US News

Semiconductor manufacturing equipment: Japanese makers weigh up cost of export controls

Blockades often rely on the co-operation of allies. The US has every reason to want Japan and the Netherlands to join its ban on exporting advanced semiconductor machinery to China. But governments are reluctant to undermine their tech champions. Expect close scrutiny of the fine print once an agreement is concluded.

The Netherlands is expected to expand restrictions on ASML, its largest chip equipment maker, which would prevent it from selling some of its advanced machines with extreme lithography technology — crucial to making the latest chips. Japan could set similar limits on local makers Nikon and Tokyo Electron.

For ASML, the damage would be shortlived. It has no competitors and a long waiting list for deliveries. Any sales lost to China would quickly be made up elsewhere, to companies such as Intel and TSMC, which are building capacity.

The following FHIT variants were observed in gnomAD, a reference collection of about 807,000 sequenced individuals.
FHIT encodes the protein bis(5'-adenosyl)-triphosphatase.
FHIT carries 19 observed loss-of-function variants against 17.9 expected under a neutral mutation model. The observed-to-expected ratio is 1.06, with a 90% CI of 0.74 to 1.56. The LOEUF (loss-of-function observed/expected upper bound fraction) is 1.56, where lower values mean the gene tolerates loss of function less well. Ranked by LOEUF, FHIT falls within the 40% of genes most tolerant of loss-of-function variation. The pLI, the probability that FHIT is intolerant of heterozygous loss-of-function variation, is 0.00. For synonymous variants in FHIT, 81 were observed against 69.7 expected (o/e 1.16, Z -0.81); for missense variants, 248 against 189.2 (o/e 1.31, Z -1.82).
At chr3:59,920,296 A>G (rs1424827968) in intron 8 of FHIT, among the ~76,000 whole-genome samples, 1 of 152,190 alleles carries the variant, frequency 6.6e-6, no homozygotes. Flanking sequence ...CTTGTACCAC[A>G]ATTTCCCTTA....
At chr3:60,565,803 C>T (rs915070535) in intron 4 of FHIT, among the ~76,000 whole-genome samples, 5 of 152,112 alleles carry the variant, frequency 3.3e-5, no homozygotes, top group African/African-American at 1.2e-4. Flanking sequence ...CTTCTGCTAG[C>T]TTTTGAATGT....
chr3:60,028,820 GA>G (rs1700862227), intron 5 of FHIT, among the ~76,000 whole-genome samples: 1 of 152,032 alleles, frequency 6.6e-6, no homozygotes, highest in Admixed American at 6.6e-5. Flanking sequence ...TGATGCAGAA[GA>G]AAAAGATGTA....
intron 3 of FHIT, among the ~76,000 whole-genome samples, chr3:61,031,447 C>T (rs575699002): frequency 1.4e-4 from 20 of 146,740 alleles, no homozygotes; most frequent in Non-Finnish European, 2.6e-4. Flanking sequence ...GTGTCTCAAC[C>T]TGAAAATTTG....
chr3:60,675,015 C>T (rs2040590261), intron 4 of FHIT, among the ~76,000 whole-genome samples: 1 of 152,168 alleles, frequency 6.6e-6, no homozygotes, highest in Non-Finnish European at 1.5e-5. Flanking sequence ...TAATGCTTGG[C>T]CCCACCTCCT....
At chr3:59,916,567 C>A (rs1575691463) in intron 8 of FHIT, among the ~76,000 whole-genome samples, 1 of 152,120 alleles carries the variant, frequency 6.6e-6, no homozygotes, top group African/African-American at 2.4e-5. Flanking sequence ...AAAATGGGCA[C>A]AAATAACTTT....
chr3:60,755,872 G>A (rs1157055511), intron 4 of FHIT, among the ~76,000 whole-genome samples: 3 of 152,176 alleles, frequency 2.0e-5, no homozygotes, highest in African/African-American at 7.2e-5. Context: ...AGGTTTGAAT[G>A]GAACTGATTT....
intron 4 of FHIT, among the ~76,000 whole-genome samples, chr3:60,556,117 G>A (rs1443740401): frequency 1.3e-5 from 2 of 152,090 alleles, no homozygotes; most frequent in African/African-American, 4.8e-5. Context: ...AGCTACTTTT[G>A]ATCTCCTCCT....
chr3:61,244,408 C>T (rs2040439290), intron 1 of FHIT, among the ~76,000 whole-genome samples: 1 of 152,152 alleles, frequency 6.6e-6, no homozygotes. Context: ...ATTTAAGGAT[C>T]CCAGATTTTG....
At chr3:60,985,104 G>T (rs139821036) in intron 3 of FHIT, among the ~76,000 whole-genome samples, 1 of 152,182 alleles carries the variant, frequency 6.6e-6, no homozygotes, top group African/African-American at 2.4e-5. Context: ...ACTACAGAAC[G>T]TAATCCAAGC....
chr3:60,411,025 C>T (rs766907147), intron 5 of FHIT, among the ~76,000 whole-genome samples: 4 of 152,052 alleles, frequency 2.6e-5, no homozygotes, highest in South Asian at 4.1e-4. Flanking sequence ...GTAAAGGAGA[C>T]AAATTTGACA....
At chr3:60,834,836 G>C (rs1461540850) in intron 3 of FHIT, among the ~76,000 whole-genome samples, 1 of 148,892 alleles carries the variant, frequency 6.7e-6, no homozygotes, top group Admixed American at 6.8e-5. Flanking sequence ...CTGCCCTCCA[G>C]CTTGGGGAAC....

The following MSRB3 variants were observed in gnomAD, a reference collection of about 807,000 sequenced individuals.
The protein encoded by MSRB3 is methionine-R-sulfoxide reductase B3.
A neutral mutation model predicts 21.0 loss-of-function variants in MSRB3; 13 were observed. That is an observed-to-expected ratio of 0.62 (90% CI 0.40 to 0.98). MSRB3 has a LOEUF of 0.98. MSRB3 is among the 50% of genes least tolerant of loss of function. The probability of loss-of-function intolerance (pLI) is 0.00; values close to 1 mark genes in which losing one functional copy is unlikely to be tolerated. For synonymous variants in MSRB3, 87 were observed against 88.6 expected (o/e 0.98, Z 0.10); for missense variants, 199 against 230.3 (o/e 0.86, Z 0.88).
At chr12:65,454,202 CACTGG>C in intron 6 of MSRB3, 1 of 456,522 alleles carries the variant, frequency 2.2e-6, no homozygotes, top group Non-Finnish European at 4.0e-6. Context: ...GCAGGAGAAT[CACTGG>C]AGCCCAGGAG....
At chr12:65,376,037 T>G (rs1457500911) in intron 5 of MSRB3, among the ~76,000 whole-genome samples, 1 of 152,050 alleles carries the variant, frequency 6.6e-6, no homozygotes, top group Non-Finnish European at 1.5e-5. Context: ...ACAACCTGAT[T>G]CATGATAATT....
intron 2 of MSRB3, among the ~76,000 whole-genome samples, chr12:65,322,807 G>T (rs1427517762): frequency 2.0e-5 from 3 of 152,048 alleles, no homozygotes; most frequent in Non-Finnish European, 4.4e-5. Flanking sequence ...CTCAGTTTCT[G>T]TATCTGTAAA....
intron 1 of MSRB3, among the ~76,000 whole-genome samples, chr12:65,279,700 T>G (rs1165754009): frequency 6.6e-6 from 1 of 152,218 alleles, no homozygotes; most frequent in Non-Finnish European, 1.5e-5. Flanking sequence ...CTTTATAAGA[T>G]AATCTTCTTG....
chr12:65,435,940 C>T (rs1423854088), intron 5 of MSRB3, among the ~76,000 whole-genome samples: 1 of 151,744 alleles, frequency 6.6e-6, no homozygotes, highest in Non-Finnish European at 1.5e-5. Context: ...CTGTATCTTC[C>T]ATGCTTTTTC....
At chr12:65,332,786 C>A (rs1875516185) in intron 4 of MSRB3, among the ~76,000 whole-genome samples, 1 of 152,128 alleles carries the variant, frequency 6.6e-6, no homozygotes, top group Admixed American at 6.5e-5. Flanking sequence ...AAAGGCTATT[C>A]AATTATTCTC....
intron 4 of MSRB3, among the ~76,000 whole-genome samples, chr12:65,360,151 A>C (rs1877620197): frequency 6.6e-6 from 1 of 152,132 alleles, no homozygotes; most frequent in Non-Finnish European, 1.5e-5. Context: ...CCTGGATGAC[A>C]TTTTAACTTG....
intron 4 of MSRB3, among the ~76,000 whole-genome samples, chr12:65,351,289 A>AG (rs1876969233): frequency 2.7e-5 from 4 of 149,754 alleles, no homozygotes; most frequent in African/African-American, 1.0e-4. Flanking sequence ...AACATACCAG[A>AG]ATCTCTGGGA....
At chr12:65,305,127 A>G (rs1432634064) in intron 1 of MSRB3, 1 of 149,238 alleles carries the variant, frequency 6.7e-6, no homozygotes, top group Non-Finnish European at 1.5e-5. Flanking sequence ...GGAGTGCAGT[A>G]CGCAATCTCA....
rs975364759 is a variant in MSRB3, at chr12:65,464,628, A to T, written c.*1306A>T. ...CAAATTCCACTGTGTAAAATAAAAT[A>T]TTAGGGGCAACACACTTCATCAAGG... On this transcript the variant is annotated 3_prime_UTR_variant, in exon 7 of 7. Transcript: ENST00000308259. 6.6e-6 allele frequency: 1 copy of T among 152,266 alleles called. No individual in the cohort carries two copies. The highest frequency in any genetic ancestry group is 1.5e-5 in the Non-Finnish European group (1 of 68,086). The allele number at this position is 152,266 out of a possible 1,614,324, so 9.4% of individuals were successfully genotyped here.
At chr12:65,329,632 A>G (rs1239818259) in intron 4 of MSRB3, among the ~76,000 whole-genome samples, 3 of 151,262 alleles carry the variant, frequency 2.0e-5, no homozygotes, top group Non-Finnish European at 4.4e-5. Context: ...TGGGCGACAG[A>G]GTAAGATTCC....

This year, ASML’s net sales are expected to grow more than 25 per cent, even faster than last year’s 13 per cent. China accounts for only about 15 per cent of total sales.

But China is much more important to lower-tech chip equipment makers such as Nikon and Tokyo Electron, accounting for more than a quarter of total sales for the latter. Local chipmakers use gear running on older standards that Japanese makers provide.

Tokyo Electron has already downgraded its full-year earnings forecast. In November, it said that consolidated net profit for the year to March was expected to drop 8 per cent. That was a sharp reversal from the previous guidance of a 20 per cent increase.

ASML’s shares are up a quarter this year and trade at 33 times forward earnings, a more than 40 per cent premium to its Japanese peers.

That gap should widen further this year. A slump in the chip industry looms, as demand for consumer products drops. Meanwhile, raw materials prices and spending on research and development — which companies must maintain to keep up with rapidly changing technology — remain high. Expect lower dividends and share price upside.

Lex is the FT’s incisive daily column on companies, sectors and asset classes for premium subscribers. Expert writers in London, New York, San Francisco and Seoul offer concise, witty commentary on capital trends and important businesses. Click to see more


This website uses cookies. By continuing to use this site, you accept our use of cookies.